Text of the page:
sugar code on cells

An article in New Scientist 27 March 2019 “The sugary language of our cells is giving us a new kind of medicine” demonstrates the fundamental problem that we have in scientific discoveries. These people are chemists and they are telling us that our cells use a sugar code more complex than DNA to identify and interact with each other. It turns out that every type of cell in our bodies has a unique sugar coating. And whenever anything interacts with a cell, it must recognise that sugar code and use the appropriate secret handshake.

The sugar code, known as the glycome, contains tens of different sugars that fit together in branched strings called glycans. Reading the sugar code isn’t just a case of decoding it letter by letter, but recognising the shape of each sugar and understanding what it means. That is hard. “It was so much easier to build on the DNA code, to develop tools for genomics,” says Godula.

The things that latch on to cell surface sugars in nature – the hands that do the grabbing – are proteins called lectins, which have internal cavities that fit snugly around specific sugars. We began to map out which lectins they paired with. In 2002, Ten Feizi at Imperial College London and her colleagues came up with the idea of fixing hundreds of individual sugars to a plate, then washing all sorts of lectins and other molecules over them to see which would bind. These microarrays marked the start of an automated approach to understanding the glycome.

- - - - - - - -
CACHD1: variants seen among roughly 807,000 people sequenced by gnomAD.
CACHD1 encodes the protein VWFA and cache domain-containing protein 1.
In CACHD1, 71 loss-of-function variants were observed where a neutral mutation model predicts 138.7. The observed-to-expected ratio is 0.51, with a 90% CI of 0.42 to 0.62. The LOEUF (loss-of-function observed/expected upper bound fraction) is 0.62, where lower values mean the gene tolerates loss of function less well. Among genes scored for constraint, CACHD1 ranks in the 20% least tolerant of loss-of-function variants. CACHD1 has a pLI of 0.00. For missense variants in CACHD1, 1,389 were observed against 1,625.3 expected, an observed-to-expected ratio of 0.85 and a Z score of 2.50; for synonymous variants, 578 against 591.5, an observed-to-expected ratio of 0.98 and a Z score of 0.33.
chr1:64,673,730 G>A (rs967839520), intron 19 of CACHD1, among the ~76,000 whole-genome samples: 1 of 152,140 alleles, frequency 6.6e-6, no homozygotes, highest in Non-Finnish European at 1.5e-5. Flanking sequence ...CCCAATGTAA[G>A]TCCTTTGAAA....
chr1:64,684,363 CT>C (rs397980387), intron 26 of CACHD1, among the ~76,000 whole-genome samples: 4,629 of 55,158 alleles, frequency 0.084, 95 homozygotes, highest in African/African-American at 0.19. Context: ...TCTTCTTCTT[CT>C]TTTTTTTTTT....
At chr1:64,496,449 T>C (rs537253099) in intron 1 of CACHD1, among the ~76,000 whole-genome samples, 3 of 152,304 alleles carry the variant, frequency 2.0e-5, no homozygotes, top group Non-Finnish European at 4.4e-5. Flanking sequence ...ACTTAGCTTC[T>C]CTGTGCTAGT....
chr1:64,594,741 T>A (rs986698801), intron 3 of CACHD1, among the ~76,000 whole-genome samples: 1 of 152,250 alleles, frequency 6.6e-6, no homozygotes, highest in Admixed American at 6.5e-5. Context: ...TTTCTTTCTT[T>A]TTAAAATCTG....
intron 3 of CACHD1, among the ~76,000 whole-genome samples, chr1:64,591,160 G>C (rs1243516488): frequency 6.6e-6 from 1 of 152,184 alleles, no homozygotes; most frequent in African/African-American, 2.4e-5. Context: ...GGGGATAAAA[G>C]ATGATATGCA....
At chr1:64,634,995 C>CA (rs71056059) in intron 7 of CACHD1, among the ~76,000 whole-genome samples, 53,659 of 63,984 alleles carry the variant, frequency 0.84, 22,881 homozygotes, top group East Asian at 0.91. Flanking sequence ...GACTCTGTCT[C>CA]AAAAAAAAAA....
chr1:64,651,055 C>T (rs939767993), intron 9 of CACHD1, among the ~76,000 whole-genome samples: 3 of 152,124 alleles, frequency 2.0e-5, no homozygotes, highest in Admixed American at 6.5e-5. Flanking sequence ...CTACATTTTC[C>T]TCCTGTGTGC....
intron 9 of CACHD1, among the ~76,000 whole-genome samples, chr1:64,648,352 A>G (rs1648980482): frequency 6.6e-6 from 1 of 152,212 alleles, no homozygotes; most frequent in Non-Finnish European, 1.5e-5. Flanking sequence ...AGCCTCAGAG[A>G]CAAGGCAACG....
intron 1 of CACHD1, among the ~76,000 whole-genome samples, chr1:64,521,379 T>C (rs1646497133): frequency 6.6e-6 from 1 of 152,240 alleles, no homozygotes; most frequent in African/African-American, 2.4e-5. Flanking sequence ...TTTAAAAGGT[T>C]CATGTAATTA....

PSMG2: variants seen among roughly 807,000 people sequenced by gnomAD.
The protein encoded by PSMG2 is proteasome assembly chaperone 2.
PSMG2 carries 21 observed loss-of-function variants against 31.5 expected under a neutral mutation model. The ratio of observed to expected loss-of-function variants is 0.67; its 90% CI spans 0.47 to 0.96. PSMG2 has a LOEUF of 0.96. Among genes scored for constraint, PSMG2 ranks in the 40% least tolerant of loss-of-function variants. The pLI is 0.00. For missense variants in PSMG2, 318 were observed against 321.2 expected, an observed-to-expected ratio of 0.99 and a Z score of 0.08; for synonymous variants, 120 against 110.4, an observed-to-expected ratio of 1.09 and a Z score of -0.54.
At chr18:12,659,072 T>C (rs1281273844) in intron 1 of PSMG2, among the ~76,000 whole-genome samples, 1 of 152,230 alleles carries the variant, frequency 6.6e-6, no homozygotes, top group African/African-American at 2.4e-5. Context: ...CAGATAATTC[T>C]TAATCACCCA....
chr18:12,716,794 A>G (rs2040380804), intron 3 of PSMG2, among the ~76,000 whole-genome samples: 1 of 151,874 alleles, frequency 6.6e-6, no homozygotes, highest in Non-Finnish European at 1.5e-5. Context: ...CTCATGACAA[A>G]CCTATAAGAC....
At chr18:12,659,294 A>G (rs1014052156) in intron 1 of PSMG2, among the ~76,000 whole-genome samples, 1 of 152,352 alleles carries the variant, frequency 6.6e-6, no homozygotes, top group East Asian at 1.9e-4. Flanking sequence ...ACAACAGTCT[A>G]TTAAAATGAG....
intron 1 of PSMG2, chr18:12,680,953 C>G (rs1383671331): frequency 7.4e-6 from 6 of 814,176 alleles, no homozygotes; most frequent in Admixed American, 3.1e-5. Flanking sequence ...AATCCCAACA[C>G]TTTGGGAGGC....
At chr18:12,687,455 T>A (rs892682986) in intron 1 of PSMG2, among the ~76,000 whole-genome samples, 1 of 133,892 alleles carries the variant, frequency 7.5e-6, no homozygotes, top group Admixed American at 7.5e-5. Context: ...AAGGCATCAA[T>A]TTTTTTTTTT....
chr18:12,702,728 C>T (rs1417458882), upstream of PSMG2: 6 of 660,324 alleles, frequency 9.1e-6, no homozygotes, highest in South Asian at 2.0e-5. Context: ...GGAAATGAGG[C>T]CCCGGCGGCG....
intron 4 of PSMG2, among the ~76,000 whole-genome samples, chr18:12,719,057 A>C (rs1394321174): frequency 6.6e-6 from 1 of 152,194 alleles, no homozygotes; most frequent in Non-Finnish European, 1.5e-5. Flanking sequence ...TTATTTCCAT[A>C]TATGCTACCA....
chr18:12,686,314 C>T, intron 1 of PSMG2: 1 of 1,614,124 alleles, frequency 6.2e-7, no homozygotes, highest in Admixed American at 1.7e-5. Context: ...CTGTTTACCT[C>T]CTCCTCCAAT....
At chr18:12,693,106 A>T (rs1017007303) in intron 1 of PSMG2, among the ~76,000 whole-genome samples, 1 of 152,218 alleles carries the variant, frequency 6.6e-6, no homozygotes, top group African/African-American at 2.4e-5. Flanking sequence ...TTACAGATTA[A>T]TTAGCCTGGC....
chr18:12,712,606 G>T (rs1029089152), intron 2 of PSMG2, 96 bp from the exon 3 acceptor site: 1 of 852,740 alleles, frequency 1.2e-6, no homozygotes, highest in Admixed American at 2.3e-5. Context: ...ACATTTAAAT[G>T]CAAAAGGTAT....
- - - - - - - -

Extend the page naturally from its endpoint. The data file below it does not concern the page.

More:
I won’t bore you with anymore of this nonsense. What these people don’t realize is that sugar molecules are soluble in water and that the living cell in vivo is surrounded with water. They take these microarrays and dry them out and they find all sorts of weird bindings between hard sugar crystals and these lectins and they say this is some sort of a code. Above is a photo they present of all the sugar crystals on the surface of a cell. But the fact is that in vivo they are just an ion rich liquid medium that is conducting electricity.

Ions are quantum particles and they are governed by the laws of quantum mechanics. What these people are actually describing, their new ‘code’, is just a routine process in quantum biology. That photo above would be like looking at a teaspoon of sugar crystals and from that explaining what damage a bottle of Coke is doing to your body.

The sugary language of our cells is giving us a new kind of medicine

Pin It